SuperFoiler juggernaut reaches Busselton

After a mammoth four and a half thousand-kilometre odyssey the SuperFoiler juggernaut has rolled into Busselton in Western Australia ready for the penultimate round of the SuperFoiler Grand Prix.

The massive logistical exercise witnessed the safe transport of the six SuperFoilers and their hundreds of supporting parts in three retro-fitted containers, as well as the cross-country haulage of the sixty event personnel that accompany each leg of the Australia-wide series.

The massive four state crossing is the furthest ‘fly away’ stage for the series to date – eclipsing the next furthest transition (Geelong to the Gold Coast) by nearly two and a half times.

“Busselton has definitely been on the radar for a long time. The racing conditions present consistent wind, flat water, gorgeous sunshine and the natural amphitheatre that the historic jetty creates. I am certain it will be more than worth all the logistical effort,” said SuperFoiler Grand Prix’s Head of Production Christo Macartney.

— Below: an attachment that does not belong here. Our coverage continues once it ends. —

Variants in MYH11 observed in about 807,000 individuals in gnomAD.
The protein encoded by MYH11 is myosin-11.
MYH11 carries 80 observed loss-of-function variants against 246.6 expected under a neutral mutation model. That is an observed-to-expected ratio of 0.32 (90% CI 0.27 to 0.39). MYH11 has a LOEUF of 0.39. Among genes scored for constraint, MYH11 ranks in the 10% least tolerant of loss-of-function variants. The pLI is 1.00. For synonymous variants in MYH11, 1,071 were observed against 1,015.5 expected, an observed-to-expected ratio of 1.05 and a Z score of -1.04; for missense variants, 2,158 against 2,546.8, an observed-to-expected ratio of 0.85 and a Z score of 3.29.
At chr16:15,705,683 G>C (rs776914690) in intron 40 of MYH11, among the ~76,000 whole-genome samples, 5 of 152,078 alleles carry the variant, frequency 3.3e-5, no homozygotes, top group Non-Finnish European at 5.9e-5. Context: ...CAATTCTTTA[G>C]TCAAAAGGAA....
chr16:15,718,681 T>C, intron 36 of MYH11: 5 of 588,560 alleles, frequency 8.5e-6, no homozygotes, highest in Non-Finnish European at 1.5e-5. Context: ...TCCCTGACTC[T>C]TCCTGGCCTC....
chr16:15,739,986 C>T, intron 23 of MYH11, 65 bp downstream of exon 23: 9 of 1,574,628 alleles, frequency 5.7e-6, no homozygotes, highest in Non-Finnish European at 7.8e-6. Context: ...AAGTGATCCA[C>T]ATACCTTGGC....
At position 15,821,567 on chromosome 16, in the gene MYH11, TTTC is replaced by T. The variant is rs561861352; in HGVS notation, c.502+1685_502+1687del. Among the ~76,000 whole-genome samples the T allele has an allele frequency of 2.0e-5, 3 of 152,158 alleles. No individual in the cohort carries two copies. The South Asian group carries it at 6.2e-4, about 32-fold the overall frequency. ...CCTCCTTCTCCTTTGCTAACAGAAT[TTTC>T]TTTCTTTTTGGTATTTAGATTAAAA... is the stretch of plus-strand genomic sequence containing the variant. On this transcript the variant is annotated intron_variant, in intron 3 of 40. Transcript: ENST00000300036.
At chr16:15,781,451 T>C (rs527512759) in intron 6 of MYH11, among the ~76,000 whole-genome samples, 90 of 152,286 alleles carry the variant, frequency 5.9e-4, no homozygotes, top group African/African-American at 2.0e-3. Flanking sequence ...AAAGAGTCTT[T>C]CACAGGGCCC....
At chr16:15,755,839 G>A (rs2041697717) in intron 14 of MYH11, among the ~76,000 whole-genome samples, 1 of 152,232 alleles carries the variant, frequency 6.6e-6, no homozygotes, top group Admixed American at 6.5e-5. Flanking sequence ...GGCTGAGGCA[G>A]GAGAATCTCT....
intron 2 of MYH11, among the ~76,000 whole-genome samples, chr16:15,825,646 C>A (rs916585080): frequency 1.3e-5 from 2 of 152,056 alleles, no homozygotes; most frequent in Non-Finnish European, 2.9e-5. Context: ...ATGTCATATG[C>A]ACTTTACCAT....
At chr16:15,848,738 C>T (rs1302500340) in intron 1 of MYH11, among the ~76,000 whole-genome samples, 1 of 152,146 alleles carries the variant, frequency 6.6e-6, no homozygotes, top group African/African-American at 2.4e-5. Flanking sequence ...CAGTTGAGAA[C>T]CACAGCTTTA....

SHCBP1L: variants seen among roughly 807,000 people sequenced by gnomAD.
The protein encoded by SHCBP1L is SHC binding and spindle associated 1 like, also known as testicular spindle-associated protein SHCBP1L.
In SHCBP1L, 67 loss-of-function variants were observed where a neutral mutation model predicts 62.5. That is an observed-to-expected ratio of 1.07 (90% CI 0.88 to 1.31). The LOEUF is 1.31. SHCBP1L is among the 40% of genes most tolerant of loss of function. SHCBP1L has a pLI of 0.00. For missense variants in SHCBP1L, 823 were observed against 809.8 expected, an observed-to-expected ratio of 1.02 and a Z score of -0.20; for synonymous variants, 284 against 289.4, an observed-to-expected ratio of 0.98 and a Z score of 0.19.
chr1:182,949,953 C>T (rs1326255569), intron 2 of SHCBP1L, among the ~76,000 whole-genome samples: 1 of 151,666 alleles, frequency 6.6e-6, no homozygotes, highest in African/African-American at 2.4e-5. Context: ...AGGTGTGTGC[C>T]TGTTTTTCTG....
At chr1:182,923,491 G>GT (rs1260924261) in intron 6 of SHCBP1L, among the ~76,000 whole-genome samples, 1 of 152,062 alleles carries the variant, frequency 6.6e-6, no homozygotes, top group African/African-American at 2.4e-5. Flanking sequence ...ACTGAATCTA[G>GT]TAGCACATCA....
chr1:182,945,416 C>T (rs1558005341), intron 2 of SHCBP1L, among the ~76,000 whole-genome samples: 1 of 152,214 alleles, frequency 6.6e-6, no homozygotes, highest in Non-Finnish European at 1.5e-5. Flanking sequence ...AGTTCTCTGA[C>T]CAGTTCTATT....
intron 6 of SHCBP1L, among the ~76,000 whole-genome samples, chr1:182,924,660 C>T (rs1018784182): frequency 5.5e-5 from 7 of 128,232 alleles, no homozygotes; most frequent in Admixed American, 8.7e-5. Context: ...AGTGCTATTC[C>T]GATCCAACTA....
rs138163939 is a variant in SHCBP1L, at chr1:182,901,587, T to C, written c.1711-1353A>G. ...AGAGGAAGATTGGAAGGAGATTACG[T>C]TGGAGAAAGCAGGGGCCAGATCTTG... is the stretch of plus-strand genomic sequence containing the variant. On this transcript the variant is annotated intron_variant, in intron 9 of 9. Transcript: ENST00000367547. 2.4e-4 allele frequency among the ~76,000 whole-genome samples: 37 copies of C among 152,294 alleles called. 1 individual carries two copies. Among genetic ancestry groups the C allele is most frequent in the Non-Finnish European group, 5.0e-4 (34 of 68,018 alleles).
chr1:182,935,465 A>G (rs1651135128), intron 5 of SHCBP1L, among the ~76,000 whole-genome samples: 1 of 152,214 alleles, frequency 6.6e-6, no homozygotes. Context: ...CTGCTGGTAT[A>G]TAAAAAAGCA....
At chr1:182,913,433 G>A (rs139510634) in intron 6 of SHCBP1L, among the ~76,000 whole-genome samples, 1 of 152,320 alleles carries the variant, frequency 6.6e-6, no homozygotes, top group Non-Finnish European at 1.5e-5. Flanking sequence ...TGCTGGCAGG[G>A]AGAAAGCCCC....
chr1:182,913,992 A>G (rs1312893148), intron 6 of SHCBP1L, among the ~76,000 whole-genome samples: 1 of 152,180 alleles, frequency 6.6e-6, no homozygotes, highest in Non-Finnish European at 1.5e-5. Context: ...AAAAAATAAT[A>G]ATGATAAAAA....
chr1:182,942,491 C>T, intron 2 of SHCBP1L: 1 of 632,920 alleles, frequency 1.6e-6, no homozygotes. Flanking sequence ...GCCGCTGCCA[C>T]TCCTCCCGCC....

WA Tourism Minister Paul Papalia said it would help showcase the region’s aquatic attractions to a national and global audience.

“The event will provide a fantastic opportunity to promote Busselton and its iconic jetty – which is the longest timber piled jetty in the Southern Hemisphere – to some of the world's best sailors, as well as national and international audiences,” Mr Papalia said. “The State Government is excited to support the SuperFoiler Grand Prix and we look forward to welcoming all the competitors, and their support crews, to our State.”

The event will be amplified by more than eight hours of television and livestreamed broadcast coverage showcasing the racing and touristic attractions of Geograph Bay and beyond.

The SuperFoiler shore team will continue to work around the clock to deliver the six SuperFoiler machines (Euroflex, tech2, Pavement, Record Point, iD Intranet and Kleenmaid) to the start line for nine scheduled races across the Friday, Saturday and Sunday of the long weekend.

“The guys in the boat park work 24 hours. They are non-stop and without them this entire thing wouldn’t happen so all the sailors really appreciate it,” said Kleenmaid’s Bowman, World Champion Harry Morton.

The events are free for spectators to watch, although VIP Hospitably packages for the solitary event on the West Coast of Australia are available with Busselton’s historic jetty hosting Leg Four of the season.

Saturday and Sunday’s racing will be livestreamed on while the series makes its television premiere on 7mate this Saturday and Sunday with the Adelaide leg debuting at 11.30am WA time.

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